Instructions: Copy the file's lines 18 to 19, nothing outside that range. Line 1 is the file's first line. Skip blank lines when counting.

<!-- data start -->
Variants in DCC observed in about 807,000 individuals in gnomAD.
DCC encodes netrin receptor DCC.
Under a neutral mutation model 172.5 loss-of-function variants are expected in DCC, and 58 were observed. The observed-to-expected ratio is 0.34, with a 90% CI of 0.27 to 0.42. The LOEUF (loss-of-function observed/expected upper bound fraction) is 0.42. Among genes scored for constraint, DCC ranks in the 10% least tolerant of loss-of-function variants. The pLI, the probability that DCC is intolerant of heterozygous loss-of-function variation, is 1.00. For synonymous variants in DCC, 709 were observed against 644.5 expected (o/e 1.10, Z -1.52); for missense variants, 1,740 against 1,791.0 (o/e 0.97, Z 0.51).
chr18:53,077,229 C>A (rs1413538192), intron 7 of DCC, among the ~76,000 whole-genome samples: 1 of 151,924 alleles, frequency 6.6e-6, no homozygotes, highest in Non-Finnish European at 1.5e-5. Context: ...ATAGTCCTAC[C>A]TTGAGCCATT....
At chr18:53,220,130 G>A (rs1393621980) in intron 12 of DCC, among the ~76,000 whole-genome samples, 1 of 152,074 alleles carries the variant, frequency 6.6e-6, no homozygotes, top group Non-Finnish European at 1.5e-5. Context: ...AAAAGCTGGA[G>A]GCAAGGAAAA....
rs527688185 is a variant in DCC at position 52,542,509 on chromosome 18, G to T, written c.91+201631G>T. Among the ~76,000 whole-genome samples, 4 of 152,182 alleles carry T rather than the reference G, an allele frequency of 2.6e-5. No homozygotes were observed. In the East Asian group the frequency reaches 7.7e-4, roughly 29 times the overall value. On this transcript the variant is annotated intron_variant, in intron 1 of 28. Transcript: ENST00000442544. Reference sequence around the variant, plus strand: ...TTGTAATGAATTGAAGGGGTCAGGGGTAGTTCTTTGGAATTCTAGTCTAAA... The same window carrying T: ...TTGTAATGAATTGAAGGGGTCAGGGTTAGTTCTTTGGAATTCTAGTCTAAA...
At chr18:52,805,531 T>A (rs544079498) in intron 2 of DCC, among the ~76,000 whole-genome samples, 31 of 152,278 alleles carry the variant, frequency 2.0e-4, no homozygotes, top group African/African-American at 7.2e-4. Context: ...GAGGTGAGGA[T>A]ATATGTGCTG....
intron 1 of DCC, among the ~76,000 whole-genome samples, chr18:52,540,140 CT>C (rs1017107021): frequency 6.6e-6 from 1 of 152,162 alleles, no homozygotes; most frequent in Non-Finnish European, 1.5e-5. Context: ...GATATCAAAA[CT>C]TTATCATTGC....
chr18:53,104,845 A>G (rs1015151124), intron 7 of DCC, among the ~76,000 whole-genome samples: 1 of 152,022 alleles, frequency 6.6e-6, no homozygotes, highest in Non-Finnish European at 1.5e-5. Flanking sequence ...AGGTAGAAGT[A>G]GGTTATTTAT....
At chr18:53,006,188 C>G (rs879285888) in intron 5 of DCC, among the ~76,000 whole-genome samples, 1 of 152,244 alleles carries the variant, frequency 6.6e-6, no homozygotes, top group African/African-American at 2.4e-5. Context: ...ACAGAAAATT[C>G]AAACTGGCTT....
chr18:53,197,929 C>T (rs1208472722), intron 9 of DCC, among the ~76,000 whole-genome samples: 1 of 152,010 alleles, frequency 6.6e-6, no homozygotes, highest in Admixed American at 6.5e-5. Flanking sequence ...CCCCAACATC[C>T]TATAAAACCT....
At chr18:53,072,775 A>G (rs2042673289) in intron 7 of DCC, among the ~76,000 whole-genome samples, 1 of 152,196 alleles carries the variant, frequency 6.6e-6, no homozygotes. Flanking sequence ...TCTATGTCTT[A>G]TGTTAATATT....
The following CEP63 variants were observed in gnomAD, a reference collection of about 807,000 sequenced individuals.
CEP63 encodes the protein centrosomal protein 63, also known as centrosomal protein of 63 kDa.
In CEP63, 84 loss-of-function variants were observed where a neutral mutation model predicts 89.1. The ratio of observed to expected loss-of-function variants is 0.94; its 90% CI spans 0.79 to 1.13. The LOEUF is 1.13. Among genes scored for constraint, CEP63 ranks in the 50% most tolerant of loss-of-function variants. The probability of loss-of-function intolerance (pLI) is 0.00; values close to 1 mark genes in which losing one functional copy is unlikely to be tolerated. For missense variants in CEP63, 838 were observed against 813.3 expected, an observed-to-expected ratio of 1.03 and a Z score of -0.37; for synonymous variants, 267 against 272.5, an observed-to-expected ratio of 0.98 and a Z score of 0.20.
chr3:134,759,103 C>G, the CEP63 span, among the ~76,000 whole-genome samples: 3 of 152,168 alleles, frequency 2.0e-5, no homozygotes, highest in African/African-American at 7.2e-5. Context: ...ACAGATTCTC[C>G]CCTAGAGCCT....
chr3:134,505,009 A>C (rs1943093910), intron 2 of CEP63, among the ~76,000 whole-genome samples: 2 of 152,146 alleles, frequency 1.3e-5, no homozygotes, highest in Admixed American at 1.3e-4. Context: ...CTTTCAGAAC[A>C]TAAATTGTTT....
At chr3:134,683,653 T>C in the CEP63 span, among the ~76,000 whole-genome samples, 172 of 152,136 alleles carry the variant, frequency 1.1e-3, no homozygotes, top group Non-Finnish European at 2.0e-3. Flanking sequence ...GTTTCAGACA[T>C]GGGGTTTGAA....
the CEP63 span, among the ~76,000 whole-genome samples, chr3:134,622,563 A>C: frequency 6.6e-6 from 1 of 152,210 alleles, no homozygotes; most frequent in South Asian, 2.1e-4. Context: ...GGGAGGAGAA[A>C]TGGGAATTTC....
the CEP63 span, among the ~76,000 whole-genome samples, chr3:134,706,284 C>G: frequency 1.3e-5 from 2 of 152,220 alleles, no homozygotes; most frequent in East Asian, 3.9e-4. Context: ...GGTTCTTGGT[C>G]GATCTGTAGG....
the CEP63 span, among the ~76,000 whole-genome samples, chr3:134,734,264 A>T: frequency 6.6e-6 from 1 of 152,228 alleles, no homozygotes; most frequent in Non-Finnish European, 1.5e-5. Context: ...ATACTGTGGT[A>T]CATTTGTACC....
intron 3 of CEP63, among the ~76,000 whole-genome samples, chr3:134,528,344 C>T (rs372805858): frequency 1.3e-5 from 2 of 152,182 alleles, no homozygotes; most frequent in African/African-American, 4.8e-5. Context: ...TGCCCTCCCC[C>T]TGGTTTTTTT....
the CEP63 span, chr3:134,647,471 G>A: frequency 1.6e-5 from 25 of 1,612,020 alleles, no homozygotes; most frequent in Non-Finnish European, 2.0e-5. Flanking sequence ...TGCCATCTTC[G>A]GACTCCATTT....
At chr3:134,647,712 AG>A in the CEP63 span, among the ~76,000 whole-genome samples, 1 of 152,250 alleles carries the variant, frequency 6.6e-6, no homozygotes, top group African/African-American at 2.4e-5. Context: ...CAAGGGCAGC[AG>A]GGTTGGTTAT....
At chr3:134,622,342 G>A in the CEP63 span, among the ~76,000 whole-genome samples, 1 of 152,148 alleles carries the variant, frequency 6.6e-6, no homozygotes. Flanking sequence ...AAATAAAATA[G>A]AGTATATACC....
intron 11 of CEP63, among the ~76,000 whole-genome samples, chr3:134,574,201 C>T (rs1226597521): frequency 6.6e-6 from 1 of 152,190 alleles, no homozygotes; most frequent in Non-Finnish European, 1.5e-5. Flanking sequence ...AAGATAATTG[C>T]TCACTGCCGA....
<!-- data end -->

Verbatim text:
At chr3:134,683,653 T>C in the CEP63 span, among the ~76,000 whole-genome samples, 172 of 152,136 alleles carry the variant, frequency 1.1e-3, no homozygotes, top group Non-Finnish European at 2.0e-3. Flanking sequence ...GTTTCAGACA[T>C]GGGGTTTGAA....
the CEP63 span, among the ~76,000 whole-genome samples, chr3:134,622,563 A>C: frequency 6.6e-6 from 1 of 152,210 alleles, no homozygotes; most frequent in South Asian, 2.1e-4. Context: ...GGGAGGAGAA[A>C]TGGGAATTTC....